Though the combined net worth of America’s richest people listed in Forbes 400 jumped from $93 billion to $2.3 trillion in only 33 years, Warren Buffett thinks that people are not getting poorer because their peers are getting richer. Mr. Buffett believes that an “advanced market-based economy” is to blame.
In a recent opinion piece, the multi-billionaire argued that in a market-based economy people with specialized skills and expertise such as Steve Jobs, Henry Ford and Sam Walton can follow the American Dream, while people with “common place skills” are doomed to live the “American Nightmare.”
Mr. Buffett acknowledged that the number of Americans that had been living below the poverty line was not significantly reduced from its 1982 level of 15 percent. Two years ago, the figure revolved around 14.5 percent.
However, the CEO of Berkshire Hathaway said that the current state of affairs is not the result of a “conspiracy.” Instead we should put the blame on a really advanced market-based economy that tends to reward extremely talented people and let the rest of the people to “behave well, work hard but hardly get by.”
Mr. Buffett argued that 200 years ago, when technological progress was not so advanced and everybody could perform just about any job, there was no difference in productivity and net worth among extremely talented Americans and those less talented.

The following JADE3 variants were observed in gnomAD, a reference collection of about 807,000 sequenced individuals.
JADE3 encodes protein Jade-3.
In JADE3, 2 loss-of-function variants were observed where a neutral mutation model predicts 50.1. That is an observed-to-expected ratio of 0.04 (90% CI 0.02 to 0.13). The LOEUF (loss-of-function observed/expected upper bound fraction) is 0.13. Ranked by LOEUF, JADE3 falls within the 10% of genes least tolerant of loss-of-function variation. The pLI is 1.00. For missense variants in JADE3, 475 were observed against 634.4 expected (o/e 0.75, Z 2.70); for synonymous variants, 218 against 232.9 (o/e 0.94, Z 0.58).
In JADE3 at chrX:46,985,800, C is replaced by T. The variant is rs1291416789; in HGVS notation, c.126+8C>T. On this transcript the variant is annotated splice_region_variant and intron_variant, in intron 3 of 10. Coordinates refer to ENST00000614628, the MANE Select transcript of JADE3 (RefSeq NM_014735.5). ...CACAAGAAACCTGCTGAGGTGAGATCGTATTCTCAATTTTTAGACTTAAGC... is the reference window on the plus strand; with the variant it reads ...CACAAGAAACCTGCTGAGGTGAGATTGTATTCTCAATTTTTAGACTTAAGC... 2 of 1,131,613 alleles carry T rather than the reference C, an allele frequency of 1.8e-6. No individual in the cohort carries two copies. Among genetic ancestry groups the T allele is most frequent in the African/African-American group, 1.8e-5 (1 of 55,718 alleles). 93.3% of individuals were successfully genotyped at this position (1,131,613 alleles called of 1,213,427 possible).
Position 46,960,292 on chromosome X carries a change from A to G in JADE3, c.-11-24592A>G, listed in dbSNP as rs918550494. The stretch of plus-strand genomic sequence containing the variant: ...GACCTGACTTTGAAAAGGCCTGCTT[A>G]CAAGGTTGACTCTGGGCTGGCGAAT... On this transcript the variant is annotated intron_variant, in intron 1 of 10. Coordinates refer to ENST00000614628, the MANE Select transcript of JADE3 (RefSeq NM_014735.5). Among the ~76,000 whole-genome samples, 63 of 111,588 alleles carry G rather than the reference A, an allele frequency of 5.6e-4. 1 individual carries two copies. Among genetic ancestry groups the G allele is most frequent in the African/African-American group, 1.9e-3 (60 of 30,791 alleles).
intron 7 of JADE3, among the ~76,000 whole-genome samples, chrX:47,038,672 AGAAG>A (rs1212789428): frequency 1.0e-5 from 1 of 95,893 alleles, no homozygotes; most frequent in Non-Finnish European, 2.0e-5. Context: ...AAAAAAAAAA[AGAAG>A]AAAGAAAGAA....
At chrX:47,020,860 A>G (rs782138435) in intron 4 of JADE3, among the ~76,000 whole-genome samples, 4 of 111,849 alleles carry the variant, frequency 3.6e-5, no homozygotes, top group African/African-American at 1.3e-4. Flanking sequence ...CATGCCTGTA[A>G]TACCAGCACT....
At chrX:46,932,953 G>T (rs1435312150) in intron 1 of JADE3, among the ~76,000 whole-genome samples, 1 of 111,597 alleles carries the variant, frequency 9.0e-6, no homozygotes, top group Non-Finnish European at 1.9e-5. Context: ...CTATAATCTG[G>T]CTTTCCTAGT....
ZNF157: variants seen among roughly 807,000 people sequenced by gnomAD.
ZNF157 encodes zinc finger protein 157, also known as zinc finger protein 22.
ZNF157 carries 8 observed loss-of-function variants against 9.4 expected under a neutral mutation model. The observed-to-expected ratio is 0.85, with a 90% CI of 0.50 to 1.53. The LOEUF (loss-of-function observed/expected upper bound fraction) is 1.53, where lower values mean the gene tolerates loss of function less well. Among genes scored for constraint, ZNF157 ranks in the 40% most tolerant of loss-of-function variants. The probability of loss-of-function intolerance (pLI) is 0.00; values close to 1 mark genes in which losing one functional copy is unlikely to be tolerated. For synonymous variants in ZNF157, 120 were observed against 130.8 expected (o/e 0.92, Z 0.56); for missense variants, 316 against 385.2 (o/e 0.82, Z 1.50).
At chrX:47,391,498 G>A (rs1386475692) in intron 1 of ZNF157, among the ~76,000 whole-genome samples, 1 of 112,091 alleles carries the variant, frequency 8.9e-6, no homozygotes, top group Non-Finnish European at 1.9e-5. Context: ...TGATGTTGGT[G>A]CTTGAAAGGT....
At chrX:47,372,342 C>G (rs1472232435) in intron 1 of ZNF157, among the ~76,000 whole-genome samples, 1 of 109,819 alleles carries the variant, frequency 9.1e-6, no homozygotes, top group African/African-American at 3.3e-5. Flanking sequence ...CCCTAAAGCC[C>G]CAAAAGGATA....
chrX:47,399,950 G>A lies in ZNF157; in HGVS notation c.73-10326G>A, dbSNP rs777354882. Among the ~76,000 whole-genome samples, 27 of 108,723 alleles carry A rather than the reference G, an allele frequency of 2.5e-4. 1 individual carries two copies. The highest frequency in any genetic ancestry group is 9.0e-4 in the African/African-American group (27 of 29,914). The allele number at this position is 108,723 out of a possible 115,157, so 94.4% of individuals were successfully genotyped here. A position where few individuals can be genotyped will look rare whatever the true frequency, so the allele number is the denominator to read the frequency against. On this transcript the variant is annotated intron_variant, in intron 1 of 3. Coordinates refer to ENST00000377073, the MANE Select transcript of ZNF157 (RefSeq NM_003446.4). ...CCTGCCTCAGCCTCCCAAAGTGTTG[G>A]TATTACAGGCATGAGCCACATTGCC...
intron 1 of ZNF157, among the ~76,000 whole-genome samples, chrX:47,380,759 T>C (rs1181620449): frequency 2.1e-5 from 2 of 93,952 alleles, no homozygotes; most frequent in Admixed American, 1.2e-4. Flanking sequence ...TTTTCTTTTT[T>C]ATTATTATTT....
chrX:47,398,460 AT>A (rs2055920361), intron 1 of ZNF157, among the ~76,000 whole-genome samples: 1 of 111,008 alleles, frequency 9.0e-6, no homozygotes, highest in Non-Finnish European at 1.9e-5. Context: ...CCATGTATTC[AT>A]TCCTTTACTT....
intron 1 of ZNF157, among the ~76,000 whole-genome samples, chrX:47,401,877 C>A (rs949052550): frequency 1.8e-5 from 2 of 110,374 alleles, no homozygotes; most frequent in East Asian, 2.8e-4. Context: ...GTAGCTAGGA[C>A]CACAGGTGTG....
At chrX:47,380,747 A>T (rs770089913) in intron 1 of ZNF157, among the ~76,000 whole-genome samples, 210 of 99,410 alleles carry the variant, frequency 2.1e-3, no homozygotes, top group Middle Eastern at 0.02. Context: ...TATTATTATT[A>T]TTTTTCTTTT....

But today, not everyone can apply for an attractive job. People need a set of skills, education and extraordinary talent to be able to succeed, leaving the less fortunate behind. However, Mr. Buffett thinks that the poor and the market system are not to blame for the mishap. Instead there is an “economic engine” that favors the most talented people.
Apparently, education could give the poor equal chances, but Mr. Buffett noted that despite having one of the world’s most refined educational systems, most Americans do not fare well, while some of them even struggle for survival.
He explained that an advanced economic system that favors some mental or physical skills would put at a disadvantage a great deal of people just like in professional sports where you need also talent besides training.
As a way out, Warren Buffett proposes two solutions. One should focus on providing people who want to work with an income that would allow them to have a decent lifestyle. The second should focus on implementing the first solution without “distorting our market system.”
Mr. Buffet gives as an example of market distortion the tendency to hike minimum wage. He argues that such policy is extremely harmful to economy because it may trigger unemployment and crush basic-skilled workers.
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